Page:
Must Read Books for Every Stage of Life (an incomplete list) Part Two

In case you missed the first installment, you can find it here.

Middle School

There are no two ways about it–these years pretty much suck. It’s such an awkward couple of years transitioning from being a child to an adolescent. And for me at least, it was when I started to become “weird” and “different,” which you may see reflected in my book choices.

I’ve already mentioned Forever by Judy Blume–a real coming of age classic for an 8th grade girl.

There were two other books that I read at 14, that kind of changed my life:

The Bell Jar by Sylvia Plath
I read this in the spring of my 8th grade year, sitting on the porch every evening (you’ll notice perhaps that I remember where I was when I read a lot of these books–that’s what kind of impression they left on me and the kind of importance/ritual I built around reading books that I connected with). I’ve thought about re-visiting this book as an adult, but a big part of me wants to keep it as a memory.I identified with her so much, it was the first time I felt a kinship with  someone from a book. She was at that moment exactly the kind of writer I wanted to be when I crafted endless bad poetry. It was all just SO DEEP.

The Catcher in the Rye by J.D. Salinger
Right after reading The Bell Jar, I read the Catcher in the Rye (on the same spot on the porch) and fell in love all over again. Another book so wonderfully written, and it just “got” me, and all my “unique” feelings. I immediately read all of Salinger’s books and loved them all.  However, this is one that I know I do not want to return to as an adult. I am sure I would be annoyed by Holden Caulfield at this stage in my life. Yes this is a classic–but the reason why is that it captures adolescence so perfectly–it’s a stage that most don’t want to return to later in life.

High School

The Virgin Suicides and Middlesex by Jeffery Eugenides
Both beautiful and epic books. They get the complexities of “coming of age” (which is kind of an obnoxious term, but I can’t think of a better one at the moment).

Caucasia by Danzy Senna
I read this one as an adult, but I wish I would have read it in high school–a wonderfully written book about race and identity and family. I gave this to my Little Sister when she was in 9th grade.


1984 and Animal Farm by George Orwell
1984 is my favorite book of all time, and George Orwell is the author I admire most. I read 1984 when I was 24, and part of me disappointed that I had lived that long without having reading any Orwell, but in another way I was glad that I had some maturity, world experience, and knowledge to really “get” it and how amazing it is. So while I put this under High School, I think it’s probably best for 11th or 12th grade, and then every few years after that.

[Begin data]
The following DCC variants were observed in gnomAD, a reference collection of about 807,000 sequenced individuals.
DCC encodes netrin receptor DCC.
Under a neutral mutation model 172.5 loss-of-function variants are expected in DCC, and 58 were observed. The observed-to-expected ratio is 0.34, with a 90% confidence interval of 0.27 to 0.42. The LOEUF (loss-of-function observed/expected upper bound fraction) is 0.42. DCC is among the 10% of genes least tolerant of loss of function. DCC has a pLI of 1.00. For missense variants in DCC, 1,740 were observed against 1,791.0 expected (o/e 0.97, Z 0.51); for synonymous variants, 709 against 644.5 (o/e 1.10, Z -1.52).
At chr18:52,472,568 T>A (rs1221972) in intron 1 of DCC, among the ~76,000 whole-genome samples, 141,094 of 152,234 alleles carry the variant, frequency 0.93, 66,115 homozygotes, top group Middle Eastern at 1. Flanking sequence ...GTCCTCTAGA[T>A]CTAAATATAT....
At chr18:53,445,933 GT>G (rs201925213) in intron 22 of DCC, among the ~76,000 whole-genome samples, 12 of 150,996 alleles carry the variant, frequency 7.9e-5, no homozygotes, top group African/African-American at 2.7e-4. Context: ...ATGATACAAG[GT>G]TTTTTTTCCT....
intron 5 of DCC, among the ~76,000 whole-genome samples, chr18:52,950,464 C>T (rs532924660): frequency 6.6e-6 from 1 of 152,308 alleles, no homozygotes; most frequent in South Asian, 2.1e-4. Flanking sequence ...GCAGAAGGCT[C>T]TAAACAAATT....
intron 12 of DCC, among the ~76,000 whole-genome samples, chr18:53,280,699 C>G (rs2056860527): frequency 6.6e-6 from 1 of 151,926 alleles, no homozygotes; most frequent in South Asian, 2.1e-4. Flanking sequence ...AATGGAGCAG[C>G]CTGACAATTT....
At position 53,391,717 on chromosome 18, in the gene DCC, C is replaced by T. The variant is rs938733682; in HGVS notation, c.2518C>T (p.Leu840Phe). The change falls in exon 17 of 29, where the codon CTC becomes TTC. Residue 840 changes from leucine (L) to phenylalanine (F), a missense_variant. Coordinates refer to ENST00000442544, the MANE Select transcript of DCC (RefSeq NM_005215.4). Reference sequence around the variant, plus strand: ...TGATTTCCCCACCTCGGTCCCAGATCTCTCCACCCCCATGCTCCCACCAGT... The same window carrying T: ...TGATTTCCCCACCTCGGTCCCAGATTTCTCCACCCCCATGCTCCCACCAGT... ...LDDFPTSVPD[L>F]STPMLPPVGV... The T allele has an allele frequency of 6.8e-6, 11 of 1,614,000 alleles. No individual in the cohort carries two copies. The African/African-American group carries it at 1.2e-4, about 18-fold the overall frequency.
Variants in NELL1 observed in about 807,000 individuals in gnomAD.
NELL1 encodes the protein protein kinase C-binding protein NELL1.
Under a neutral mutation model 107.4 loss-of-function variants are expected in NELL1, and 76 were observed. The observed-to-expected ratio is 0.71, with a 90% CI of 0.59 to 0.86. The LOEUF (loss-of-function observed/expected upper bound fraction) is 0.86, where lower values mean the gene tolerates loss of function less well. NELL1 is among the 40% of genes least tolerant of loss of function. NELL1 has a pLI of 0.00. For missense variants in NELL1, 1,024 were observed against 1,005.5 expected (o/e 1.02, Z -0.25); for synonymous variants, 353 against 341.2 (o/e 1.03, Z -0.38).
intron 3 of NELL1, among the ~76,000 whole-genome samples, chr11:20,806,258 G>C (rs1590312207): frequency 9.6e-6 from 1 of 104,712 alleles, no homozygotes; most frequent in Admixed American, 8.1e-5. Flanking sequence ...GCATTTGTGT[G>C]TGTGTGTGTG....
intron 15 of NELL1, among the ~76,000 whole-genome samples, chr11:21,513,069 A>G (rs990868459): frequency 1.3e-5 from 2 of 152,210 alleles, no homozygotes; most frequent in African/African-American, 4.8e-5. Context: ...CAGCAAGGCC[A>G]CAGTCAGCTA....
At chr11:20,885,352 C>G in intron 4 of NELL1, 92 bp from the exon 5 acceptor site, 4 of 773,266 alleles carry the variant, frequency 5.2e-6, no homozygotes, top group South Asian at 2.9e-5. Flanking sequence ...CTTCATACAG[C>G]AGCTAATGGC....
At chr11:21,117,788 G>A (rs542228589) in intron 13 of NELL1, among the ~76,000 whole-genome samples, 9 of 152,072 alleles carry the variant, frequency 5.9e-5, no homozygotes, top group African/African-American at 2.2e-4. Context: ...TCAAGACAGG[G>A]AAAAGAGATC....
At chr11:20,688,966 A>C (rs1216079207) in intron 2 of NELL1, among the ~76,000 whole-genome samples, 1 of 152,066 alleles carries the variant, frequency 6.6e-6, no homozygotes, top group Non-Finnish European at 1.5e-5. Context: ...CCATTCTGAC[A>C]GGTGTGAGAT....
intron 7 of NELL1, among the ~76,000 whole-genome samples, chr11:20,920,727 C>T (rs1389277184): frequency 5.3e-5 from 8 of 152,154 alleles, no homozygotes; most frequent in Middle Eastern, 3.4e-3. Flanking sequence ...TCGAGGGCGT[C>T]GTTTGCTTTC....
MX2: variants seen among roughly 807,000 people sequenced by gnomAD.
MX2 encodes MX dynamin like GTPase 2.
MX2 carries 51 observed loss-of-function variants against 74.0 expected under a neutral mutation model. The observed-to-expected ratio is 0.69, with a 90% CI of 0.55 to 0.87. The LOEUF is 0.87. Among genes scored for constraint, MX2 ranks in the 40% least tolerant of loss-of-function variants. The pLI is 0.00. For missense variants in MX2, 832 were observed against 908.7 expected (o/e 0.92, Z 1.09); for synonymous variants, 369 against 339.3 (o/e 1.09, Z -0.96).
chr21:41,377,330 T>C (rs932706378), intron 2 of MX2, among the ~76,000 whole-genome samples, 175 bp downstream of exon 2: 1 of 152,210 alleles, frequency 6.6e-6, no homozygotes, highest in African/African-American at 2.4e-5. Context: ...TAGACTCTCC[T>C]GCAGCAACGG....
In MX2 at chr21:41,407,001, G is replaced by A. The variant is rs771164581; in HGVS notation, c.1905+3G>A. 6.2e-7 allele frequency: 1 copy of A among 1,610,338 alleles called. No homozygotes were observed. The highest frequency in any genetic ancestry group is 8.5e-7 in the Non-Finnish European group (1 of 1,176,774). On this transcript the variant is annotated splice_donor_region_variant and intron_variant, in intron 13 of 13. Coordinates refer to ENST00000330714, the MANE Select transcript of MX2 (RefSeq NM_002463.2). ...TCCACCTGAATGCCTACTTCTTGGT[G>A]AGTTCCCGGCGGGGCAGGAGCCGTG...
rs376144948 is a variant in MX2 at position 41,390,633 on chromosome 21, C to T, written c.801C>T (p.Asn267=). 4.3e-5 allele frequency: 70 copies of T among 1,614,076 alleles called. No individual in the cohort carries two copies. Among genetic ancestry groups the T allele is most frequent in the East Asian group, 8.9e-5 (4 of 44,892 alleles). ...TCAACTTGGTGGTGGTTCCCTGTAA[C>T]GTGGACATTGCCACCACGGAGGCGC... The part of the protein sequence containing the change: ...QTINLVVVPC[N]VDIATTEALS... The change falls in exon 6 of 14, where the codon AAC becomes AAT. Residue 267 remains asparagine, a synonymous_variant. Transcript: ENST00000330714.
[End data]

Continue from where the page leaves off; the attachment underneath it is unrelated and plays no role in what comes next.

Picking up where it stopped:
After I read 1984, I read all of Orwell’s writing (all of his novels, and a lot of his short stories and essays, and even biographies) and it was like I had found something I had been looking for– I wish I could be half the author and journalist that George Orwell was.  In addition to 1984, Down and Out in London and Paris, and Animal Farm are other favorites. But really, read everything by the man–he’s amazing.


College and Beyond

The Grapes of Wrath by John Steinbeck
This is another classic that I somehow missed until adulthood. I think I’m glad that I didn’t read books like these for a class, sadly that can take a lot of the joy out of a book. This is an amazing book and college is probably a great time to read it–it will depress you and make you angry and make you want to change the world–perfect for college.

The Blind Assassin by Margaret Atwood
OK, so I might be a little bias on this one because I just finished reading it last month., but this is an amazing multi-layer novel within a novel that has made me want to jump on my next author bandwagon and start reading more Margaret Atwood (next up: The Handmaid’s Tale…another one I somehow missed)

OK, so that’s my very very very incomplete list. There are many great books that I left off that I’ll add to the (someday) ultimate list. In the meantime I’d love to hear your recommendations for the best books for every stage of life…


Leave a Reply

Fill in your details below or click an icon to log in: Logo

You are commenting using your account. Log Out /  Change )

Google+ photo

You are commenting using your Google+ account. Log Out /  Change )

Twitter picture

You are commenting using your Twitter account. Log Out /  Change )

Facebook photo

You are commenting using your Facebook account. Log Out /  Change )


Connecting to %s

%d bloggers like this: